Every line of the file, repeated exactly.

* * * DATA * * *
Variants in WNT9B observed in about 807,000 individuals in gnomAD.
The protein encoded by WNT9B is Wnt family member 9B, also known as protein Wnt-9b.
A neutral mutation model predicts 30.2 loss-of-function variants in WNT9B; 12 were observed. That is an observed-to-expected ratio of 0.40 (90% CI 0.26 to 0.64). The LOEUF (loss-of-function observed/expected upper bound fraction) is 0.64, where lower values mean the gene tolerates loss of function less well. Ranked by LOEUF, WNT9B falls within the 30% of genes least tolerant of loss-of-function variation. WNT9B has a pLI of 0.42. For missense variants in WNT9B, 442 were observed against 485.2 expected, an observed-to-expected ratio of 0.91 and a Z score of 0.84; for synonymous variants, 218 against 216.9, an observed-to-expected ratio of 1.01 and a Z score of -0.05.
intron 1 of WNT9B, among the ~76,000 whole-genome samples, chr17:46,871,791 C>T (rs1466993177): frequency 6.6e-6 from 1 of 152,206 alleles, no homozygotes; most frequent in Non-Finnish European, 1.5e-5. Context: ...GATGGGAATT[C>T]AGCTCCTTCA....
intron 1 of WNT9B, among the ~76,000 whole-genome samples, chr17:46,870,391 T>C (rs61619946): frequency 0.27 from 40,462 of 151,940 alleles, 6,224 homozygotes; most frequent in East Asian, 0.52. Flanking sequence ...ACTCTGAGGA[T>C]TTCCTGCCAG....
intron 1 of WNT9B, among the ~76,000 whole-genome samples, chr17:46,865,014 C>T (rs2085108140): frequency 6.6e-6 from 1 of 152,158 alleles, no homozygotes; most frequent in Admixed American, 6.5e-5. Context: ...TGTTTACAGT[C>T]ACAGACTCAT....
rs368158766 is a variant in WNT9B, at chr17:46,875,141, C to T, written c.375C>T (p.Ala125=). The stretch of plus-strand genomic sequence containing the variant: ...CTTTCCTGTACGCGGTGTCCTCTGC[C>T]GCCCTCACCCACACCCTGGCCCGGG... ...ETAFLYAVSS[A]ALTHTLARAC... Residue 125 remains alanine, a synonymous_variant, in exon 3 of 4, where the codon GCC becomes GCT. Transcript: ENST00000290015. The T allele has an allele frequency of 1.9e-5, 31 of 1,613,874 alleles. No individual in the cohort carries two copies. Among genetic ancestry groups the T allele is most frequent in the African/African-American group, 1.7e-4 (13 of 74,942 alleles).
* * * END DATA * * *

Variants in WNT9B observed in about 807,000 individuals in gnomAD.
The protein encoded by WNT9B is Wnt family member 9B, also known as protein Wnt-9b.
A neutral mutation model predicts 30.2 loss-of-function variants in WNT9B; 12 were observed. That is an observed-to-expected ratio of 0.40 (90% CI 0.26 to 0.64). The LOEUF (loss-of-function observed/expected upper bound fraction) is 0.64, where lower values mean the gene tolerates loss of function less well. Ranked by LOEUF, WNT9B falls within the 30% of genes least tolerant of loss-of-function variation. WNT9B has a pLI of 0.42. For missense variants in WNT9B, 442 were observed against 485.2 expected, an observed-to-expected ratio of 0.91 and a Z score of 0.84; for synonymous variants, 218 against 216.9, an observed-to-expected ratio of 1.01 and a Z score of -0.05.
intron 1 of WNT9B, among the ~76,000 whole-genome samples, chr17:46,871,791 C>T (rs1466993177): frequency 6.6e-6 from 1 of 152,206 alleles, no homozygotes; most frequent in Non-Finnish European, 1.5e-5. Context: ...GATGGGAATT[C>T]AGCTCCTTCA....
intron 1 of WNT9B, among the ~76,000 whole-genome samples, chr17:46,870,391 T>C (rs61619946): frequency 0.27 from 40,462 of 151,940 alleles, 6,224 homozygotes; most frequent in East Asian, 0.52. Flanking sequence ...ACTCTGAGGA[T>C]TTCCTGCCAG....
intron 1 of WNT9B, among the ~76,000 whole-genome samples, chr17:46,865,014 C>T (rs2085108140): frequency 6.6e-6 from 1 of 152,158 alleles, no homozygotes; most frequent in Admixed American, 6.5e-5. Context: ...TGTTTACAGT[C>T]ACAGACTCAT....
rs368158766 is a variant in WNT9B, at chr17:46,875,141, C to T, written c.375C>T (p.Ala125=). The stretch of plus-strand genomic sequence containing the variant: ...CTTTCCTGTACGCGGTGTCCTCTGC[C>T]GCCCTCACCCACACCCTGGCCCGGG... ...ETAFLYAVSS[A]ALTHTLARAC... Residue 125 remains alanine, a synonymous_variant, in exon 3 of 4, where the codon GCC becomes GCT. Transcript: ENST00000290015. The T allele has an allele frequency of 1.9e-5, 31 of 1,613,874 alleles. No individual in the cohort carries two copies. Among genetic ancestry groups the T allele is most frequent in the African/African-American group, 1.7e-4 (13 of 74,942 alleles).